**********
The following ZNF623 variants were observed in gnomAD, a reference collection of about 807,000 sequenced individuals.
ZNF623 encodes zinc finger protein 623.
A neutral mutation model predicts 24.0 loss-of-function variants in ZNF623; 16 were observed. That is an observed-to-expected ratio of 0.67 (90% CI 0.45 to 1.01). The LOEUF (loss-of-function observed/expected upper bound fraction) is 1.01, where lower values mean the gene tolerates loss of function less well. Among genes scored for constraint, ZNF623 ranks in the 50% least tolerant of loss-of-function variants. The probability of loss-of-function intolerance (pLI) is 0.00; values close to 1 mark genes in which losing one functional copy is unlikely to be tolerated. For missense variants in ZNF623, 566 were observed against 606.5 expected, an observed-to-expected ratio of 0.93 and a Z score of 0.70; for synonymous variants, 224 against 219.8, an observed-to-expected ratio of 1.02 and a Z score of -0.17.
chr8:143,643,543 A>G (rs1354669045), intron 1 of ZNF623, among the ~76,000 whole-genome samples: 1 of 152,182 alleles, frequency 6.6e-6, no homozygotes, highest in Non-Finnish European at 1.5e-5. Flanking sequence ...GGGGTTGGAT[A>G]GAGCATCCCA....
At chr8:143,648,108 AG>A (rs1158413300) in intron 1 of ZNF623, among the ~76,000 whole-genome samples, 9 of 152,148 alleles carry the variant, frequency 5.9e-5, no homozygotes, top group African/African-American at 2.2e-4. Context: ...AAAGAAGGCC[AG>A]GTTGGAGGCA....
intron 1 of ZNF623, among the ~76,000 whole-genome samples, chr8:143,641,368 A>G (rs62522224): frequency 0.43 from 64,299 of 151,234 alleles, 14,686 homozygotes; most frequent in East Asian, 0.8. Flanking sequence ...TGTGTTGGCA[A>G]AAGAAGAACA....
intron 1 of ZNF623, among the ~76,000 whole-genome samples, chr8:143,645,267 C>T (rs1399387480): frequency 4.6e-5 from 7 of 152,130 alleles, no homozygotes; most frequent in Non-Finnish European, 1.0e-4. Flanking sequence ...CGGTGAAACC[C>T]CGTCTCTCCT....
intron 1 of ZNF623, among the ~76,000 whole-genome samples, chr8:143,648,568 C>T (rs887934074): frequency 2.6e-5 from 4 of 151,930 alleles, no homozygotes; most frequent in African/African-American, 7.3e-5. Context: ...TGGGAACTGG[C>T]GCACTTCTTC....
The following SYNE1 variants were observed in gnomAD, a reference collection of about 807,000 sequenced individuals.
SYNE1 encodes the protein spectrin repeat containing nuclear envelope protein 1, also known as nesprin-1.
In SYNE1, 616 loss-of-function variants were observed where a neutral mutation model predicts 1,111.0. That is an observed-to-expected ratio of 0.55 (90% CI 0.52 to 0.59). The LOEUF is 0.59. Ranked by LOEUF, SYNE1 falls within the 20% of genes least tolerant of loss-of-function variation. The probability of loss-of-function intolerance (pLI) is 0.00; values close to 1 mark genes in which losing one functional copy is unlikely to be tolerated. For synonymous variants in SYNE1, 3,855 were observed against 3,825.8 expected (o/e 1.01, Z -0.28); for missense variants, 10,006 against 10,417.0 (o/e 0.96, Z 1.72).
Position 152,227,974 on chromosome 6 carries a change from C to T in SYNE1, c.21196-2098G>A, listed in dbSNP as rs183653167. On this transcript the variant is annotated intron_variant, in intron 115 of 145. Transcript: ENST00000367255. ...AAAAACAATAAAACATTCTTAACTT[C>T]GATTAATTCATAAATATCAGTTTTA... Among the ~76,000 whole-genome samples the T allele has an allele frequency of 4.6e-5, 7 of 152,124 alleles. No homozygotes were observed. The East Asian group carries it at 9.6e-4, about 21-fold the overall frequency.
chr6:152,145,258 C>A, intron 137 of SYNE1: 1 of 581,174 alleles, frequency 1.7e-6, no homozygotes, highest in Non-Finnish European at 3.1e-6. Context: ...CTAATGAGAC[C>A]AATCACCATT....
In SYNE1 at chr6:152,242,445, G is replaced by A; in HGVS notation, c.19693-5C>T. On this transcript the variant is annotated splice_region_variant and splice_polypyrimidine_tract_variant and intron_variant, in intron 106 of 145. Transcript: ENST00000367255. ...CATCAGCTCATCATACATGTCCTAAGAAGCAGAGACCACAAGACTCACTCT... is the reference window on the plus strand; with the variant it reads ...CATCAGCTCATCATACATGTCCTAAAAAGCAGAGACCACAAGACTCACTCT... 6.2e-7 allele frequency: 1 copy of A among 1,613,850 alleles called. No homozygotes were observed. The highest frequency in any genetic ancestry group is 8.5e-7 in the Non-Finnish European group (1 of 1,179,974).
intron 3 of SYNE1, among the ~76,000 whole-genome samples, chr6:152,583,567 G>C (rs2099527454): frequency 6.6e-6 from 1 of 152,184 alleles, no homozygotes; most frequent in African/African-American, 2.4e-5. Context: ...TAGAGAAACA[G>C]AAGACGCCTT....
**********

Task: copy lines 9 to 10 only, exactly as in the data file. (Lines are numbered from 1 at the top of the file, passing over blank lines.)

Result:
The following SYNE1 variants were observed in gnomAD, a reference collection of about 807,000 sequenced individuals.
SYNE1 encodes the protein spectrin repeat containing nuclear envelope protein 1, also known as nesprin-1.